I think fans take this way harder than most players. Is Pat Maroon that worried the team is losing? My guess is his only concern is his next contract. Lucic has been awful and yet he stands to pull in more than 10M w bonuses this year and my guess, he is sleeping just fine at night. This season and the last game have been a huge gut punch and while I only get a chance at two oilers games a year, it means taking a ferry to Vancouver. I don’t know what happens with this team moving forward but these fans deserve a better organisation from top to bottom and I hope that is not lost on Bob Nicholson and co.

  • Consultant

    The PK is horrible and the coaching staff can’t seem to find any answers but again it falls on Chia. How can you get rid of proven PKer’s such as Pouliot and Lander, not replace them and just expect things to work out. The failure of Chia over the past year is mind boggling. Sure players need to give 100% but if your Letestu and you only have so much reach and speed you simply won’t be a top PK’er. Not his fault. I have decided not to invest anymore money into the team until Chia is gone. I also will only watch when I have time instead of making time to watch. It’s a minor thing but it’s the best I can do. In my mind Chia is the primary problem.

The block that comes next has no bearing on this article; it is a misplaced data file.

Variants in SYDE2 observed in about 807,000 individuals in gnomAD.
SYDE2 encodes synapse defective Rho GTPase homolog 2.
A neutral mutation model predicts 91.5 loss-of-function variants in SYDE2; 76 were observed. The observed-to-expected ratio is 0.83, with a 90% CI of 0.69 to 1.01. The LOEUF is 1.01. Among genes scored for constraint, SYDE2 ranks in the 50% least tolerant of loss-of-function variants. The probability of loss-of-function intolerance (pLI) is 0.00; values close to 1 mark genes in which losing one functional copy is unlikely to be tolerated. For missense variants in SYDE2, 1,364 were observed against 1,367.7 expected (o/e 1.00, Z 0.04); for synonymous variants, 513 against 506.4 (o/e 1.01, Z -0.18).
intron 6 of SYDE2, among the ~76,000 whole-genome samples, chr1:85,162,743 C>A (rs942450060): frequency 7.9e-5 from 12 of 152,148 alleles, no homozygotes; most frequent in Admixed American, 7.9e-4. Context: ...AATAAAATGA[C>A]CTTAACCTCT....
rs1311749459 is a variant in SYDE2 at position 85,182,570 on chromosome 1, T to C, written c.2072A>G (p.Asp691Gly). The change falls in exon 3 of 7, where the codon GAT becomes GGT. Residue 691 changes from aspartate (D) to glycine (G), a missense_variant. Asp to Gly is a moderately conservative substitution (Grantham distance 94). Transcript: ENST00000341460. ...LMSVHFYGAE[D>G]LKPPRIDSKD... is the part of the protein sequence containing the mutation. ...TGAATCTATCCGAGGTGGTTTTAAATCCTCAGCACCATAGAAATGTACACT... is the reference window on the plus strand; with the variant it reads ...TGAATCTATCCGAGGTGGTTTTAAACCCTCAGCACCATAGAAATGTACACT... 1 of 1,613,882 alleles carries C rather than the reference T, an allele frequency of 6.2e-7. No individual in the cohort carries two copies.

• ubermiguel

      Pouliot’s a frequent healthy scratch with Buffalo and Lander is no longer an NHL player; those were far from Chia’s worst moves. All the current players are capable of getting sticks and bodies in lanes and not being a pylon, but they’re simply not doing it.

      • Gravis82